The House to Volver

The intitial and most obvious similarities between the Allendes’, House Of the Spirits, and Almodóvar’s, Volver, would be there ties to magical realism. In Allendes novel Clara and here children provide the magic into the novel with their supernatural telekinetic powers. As for Almodóvar’s film it is the ghost of Irene, a deceased matriarch, who brings about a spiritual aspect into the film. 

      Another similarities that these two authors share in their works are their building of female characters. Roger Ebert states that Almódovar’s film is, “paying tribute to the women who raised them (the characters).” His scholarly review only provides further evidence to the authors similar use of strong female characters.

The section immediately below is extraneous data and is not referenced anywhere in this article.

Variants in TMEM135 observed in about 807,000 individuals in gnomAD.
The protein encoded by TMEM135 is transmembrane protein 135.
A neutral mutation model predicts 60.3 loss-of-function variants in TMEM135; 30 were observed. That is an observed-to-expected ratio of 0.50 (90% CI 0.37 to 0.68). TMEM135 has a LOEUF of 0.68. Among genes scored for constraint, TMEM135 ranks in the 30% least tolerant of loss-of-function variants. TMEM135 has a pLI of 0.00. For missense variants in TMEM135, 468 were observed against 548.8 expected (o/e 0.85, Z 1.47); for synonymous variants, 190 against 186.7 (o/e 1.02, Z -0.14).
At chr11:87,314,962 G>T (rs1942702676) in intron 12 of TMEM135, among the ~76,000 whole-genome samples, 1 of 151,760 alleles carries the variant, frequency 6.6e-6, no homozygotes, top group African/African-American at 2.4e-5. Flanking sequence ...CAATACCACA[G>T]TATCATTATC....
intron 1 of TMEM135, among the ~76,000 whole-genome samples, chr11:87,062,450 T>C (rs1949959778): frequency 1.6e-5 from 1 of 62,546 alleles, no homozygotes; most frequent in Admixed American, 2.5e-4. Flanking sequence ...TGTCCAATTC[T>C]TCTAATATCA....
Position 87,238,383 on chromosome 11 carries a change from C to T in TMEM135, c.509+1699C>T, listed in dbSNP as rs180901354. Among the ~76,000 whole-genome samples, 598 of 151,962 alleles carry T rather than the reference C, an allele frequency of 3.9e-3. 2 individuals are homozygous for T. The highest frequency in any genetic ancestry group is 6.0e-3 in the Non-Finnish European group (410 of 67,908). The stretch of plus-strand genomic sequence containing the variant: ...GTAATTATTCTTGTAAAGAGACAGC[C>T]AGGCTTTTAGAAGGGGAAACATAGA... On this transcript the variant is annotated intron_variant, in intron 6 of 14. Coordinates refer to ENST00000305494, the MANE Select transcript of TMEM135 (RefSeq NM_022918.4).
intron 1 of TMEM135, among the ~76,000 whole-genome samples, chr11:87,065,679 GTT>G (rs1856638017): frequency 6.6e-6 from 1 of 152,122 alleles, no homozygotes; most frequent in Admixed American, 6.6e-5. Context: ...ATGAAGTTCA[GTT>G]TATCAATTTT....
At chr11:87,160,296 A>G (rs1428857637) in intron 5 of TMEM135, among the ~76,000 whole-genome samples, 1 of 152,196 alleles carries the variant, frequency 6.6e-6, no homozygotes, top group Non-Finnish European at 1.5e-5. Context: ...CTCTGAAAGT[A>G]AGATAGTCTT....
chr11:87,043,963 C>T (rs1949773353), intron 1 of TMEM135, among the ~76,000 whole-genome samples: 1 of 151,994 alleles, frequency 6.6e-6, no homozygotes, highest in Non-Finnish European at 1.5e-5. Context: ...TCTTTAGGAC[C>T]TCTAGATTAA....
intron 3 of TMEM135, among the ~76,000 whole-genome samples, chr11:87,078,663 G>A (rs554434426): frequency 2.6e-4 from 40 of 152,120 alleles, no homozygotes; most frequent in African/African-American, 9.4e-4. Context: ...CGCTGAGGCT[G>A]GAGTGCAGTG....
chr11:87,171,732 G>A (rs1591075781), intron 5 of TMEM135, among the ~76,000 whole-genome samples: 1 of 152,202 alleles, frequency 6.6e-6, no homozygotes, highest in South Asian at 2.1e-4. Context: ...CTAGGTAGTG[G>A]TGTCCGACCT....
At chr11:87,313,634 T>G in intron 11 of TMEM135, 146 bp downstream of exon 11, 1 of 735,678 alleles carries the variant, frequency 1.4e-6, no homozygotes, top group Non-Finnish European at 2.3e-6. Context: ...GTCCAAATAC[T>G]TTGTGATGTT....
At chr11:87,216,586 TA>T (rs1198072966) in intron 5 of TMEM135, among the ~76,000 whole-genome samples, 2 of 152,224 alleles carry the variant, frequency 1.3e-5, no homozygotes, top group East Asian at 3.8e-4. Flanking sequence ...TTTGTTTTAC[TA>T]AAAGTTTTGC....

One instance of this comes with the character, Raimnuda, Paula’s daughter. A.O. Scott describes Raimunda as, “a hardworking woman pulled in every direction by the needs of the women around her.” Upon reading this I can’t help but think of two characters from Allende’s novel; Nivea and Ferula. 

     Nivea is constantly sacrificing her time for the needs of her daughters, and even her husbands and his far out political ambitions. She caters to the needs of her daughters selflessly in order to steer Clara in the right direction. 

    Though the plot of these stories differs greatly, through the authors’ character development and inclusion of magical realism readers can find many similarities. 
Ebert, Roger. Volver (film review) ,, Internet article. Nov. 21, 2006.

Scott, A.O. The darkest troubles in the brightest of colors,, Nov. 3, 2006. The New York Times, Internet article


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